Cutting the pockets, even with the aid of battery drills, proved quite hard. However, more work needs to be done on the platforms, but that will happen next year when the bats are not roosting.

The shelter and 'Troll' bridge had their first test over the Heritage Weekend at the beginning of September. This allowed members of the public to view the big stope and impress upon them the scale of some of the workings in the mine.

To help them grasp the size of the stope the Trust placed a manikin near the top and Pete Eggleston rigged a light to illuminate it (you switch the light on from the shelter).

Congratulations to everyone involved in this work, the end result looks very professional, well done!

Neal using the battery drill to make the timber pockets.

Above: Neal using the battery drill to make the timber pockets.
(Picture: Andy Kennelly)

The finished timbers in their new sockets.

Above: The finished timbers in their new sockets.
(Picture: Andy Kennelly)

 

Safety Platform, Perkins Level
To allow the Shropshire Mines Trust to take visitors beyond the metal bridge in Perkins / Roberts Level a certain amount of safety work was needed.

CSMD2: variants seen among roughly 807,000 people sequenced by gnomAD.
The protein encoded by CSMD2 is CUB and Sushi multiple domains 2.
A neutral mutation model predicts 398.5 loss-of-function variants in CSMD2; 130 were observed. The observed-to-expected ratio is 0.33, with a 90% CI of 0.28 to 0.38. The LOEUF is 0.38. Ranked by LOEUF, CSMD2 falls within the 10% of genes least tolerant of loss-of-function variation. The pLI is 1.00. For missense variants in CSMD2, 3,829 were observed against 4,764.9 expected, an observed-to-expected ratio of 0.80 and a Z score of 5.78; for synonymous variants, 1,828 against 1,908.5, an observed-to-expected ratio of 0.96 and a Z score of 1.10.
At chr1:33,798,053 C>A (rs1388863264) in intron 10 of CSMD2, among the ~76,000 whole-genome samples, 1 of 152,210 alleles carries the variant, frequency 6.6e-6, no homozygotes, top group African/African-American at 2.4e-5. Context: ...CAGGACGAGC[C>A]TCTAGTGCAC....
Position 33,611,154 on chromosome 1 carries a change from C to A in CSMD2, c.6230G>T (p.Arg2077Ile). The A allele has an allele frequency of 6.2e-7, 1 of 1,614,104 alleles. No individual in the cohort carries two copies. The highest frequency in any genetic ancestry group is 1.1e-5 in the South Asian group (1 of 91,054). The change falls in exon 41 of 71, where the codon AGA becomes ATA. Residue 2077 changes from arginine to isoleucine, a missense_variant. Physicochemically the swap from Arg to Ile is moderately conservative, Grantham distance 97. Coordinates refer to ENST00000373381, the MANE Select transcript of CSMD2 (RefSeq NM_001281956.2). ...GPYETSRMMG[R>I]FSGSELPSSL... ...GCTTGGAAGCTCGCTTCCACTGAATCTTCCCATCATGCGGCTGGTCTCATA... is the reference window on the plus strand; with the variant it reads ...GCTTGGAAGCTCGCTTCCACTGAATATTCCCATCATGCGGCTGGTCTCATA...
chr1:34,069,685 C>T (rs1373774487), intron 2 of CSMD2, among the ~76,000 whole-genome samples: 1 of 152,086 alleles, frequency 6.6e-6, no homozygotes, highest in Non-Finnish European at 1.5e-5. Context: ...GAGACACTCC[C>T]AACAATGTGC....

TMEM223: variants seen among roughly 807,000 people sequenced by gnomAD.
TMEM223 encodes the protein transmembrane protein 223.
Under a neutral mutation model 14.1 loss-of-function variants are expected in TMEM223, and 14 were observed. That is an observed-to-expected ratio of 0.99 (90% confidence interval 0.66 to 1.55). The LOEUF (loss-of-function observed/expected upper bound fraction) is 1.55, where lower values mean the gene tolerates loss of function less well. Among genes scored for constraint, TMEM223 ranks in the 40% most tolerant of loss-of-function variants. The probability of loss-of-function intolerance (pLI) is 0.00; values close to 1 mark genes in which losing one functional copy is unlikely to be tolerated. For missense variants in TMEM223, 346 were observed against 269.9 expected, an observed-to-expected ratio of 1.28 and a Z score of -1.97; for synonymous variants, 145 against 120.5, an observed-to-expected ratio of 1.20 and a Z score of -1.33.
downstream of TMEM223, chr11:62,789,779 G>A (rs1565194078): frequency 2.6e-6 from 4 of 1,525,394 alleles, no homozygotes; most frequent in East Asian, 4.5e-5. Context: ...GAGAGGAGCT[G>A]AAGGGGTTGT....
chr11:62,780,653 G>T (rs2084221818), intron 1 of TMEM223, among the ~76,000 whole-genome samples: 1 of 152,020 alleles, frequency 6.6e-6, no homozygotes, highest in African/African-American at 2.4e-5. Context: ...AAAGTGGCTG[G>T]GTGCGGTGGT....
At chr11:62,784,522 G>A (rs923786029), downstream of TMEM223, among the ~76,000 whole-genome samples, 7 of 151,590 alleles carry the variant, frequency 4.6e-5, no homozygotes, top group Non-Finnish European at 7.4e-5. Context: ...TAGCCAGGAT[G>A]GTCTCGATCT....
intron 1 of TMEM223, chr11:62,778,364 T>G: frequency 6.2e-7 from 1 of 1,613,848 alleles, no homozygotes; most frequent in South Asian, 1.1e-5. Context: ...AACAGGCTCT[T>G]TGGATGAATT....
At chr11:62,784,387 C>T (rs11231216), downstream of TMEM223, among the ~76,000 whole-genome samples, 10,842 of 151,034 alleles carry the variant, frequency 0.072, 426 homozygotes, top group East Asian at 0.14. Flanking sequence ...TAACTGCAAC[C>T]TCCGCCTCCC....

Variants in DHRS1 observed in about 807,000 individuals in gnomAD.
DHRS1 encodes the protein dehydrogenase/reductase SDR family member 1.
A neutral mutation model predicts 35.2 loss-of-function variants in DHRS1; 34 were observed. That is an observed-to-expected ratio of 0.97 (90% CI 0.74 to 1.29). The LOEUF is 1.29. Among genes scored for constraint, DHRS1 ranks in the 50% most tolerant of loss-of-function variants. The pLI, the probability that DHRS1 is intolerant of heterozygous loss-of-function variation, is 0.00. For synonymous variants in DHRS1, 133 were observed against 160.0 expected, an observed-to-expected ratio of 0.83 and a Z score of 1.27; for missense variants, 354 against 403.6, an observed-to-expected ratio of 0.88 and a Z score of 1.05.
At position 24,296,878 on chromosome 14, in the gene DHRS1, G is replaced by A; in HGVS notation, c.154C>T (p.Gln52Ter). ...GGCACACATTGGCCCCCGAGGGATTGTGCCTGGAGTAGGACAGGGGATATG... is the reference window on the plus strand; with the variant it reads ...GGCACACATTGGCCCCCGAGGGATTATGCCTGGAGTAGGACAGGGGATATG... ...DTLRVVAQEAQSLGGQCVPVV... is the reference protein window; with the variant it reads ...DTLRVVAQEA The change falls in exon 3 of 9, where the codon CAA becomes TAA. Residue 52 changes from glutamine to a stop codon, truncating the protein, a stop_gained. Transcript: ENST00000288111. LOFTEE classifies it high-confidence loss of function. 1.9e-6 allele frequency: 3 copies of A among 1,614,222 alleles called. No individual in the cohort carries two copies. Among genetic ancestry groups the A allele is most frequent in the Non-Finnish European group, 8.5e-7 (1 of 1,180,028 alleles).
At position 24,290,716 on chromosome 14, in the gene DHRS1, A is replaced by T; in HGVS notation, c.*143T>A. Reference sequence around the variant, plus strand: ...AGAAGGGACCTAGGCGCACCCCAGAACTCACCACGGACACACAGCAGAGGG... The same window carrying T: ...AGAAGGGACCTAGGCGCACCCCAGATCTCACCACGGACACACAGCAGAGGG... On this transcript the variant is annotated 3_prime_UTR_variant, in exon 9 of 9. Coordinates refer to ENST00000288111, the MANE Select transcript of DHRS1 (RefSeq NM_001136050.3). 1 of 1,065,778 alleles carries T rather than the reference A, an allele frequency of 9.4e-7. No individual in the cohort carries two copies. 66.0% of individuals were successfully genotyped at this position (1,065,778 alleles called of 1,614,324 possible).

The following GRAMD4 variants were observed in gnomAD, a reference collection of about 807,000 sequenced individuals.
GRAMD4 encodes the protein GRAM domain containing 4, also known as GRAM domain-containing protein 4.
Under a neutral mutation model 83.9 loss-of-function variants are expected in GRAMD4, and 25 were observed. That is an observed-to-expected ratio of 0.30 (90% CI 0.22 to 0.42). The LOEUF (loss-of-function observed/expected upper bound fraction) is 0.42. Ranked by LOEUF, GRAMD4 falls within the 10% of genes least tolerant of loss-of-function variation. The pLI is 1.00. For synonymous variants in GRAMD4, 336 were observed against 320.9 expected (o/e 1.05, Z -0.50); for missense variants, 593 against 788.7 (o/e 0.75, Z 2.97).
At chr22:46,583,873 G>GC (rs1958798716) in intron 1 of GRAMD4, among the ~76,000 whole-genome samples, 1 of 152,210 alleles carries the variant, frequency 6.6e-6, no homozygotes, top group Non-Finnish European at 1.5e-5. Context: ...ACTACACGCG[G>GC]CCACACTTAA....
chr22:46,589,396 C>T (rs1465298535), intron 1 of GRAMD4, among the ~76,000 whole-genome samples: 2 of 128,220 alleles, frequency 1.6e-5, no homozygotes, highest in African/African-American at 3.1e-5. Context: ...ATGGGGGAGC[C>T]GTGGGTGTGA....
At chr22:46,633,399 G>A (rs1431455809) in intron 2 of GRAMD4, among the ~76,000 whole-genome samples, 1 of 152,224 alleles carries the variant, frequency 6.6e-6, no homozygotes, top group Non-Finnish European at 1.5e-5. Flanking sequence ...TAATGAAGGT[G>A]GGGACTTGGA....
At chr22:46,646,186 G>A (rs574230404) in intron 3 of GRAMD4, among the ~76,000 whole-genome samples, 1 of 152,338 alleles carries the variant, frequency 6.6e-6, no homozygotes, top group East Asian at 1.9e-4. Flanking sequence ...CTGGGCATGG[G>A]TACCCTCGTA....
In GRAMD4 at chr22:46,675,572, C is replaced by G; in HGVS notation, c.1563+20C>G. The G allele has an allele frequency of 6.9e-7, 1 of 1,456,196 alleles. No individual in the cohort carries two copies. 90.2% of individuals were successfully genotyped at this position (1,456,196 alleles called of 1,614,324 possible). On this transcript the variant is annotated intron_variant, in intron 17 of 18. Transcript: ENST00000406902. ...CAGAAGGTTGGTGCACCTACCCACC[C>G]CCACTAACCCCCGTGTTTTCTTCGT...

So Club members undertook the task of constructing a shelter at the base of the large stope, plus an 'ACME' bridge (Troll bridge - but don’t tell the children otherwise they won't cross it !!) across the small stope between there and the metal bridge.

To protect members of the public as they walked from the end of the metal bridge from any falling rocks it was decided to build a set of timber platforms in the stope above the end of the metal bridge.

This involved cutting pockets in the hanging and foot wall, then fitting timbers with planks on top. Rather than build one large platform, two staggered platforms have been constructed to allow bats to fly between (they have already been seen doing this!).

Looking up the stope to Andy Kennelly cutting pockets for timbers in the hanging wall.
 
Above: Looking up the stope to Andy Kennelly cutting pockets for timbers in the hanging wall.
Below: Neal Rushton measuring across the stope for timbers.
(Pictures: Andy Kennelly)

Neal Rushton measuring across the stope for timbers.